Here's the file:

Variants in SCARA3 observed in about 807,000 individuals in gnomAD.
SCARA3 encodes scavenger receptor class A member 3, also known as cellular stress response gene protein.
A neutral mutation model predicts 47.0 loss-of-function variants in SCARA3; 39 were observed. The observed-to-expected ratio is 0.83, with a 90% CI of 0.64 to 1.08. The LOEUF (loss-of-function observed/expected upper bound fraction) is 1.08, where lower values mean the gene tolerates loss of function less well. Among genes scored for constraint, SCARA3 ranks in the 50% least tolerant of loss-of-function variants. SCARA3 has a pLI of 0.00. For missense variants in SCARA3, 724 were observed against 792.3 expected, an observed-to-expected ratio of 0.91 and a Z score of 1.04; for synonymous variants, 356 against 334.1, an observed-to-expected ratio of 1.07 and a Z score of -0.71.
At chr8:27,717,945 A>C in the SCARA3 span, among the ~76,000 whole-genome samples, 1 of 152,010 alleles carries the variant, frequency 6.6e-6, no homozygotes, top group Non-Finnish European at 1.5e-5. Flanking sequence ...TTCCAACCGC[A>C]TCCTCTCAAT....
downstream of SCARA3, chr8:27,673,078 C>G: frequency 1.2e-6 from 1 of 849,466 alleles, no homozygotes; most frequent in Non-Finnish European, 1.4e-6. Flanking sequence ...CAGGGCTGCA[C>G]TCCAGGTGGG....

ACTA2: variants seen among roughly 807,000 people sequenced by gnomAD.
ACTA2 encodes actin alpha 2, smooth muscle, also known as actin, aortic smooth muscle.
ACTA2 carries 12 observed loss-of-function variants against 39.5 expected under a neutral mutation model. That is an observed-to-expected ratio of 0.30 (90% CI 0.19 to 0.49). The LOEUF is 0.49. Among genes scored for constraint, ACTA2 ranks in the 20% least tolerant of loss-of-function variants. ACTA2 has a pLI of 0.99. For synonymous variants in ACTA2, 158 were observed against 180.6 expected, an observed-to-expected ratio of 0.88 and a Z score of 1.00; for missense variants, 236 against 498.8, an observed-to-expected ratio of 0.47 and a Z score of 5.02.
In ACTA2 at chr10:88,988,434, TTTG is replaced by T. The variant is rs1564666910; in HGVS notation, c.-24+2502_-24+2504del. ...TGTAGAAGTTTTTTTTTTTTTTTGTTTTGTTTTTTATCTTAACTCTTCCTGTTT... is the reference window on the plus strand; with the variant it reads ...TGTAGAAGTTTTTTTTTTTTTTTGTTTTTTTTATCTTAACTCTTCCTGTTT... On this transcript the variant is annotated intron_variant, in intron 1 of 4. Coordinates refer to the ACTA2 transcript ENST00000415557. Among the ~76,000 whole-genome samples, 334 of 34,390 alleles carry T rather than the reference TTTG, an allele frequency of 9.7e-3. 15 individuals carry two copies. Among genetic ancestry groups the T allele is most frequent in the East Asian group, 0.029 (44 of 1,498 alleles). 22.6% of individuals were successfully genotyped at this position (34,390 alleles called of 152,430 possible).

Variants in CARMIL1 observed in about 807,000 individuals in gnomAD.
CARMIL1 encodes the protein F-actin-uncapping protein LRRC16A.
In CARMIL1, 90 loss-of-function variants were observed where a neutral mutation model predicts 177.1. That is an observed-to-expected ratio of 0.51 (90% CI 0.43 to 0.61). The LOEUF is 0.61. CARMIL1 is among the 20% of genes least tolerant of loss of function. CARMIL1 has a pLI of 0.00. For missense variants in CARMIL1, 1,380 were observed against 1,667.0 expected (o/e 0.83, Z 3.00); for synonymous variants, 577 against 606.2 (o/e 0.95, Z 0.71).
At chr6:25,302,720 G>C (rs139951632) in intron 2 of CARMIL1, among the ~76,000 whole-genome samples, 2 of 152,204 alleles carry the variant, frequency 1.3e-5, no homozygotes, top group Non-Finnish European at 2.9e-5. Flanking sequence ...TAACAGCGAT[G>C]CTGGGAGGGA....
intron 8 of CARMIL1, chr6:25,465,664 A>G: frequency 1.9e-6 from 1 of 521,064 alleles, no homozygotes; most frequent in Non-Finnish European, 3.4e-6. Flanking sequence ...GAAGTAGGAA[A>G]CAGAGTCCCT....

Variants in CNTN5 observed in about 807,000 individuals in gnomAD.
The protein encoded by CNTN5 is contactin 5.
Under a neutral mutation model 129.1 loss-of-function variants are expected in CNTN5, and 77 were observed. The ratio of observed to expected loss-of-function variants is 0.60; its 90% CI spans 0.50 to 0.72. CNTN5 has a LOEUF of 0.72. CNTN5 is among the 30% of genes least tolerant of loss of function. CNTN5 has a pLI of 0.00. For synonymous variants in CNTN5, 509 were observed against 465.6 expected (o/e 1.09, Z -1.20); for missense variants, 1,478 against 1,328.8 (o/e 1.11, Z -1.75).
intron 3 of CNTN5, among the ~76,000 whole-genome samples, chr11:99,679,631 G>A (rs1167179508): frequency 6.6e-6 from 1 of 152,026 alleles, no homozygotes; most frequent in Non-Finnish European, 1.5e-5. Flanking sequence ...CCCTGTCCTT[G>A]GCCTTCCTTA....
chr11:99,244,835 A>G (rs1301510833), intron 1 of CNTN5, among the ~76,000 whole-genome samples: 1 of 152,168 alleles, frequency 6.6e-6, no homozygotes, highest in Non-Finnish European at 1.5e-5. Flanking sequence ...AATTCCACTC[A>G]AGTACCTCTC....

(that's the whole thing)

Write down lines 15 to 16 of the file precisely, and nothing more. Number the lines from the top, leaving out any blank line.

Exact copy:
Variants in CNTN5 observed in about 807,000 individuals in gnomAD.
The protein encoded by CNTN5 is contactin 5.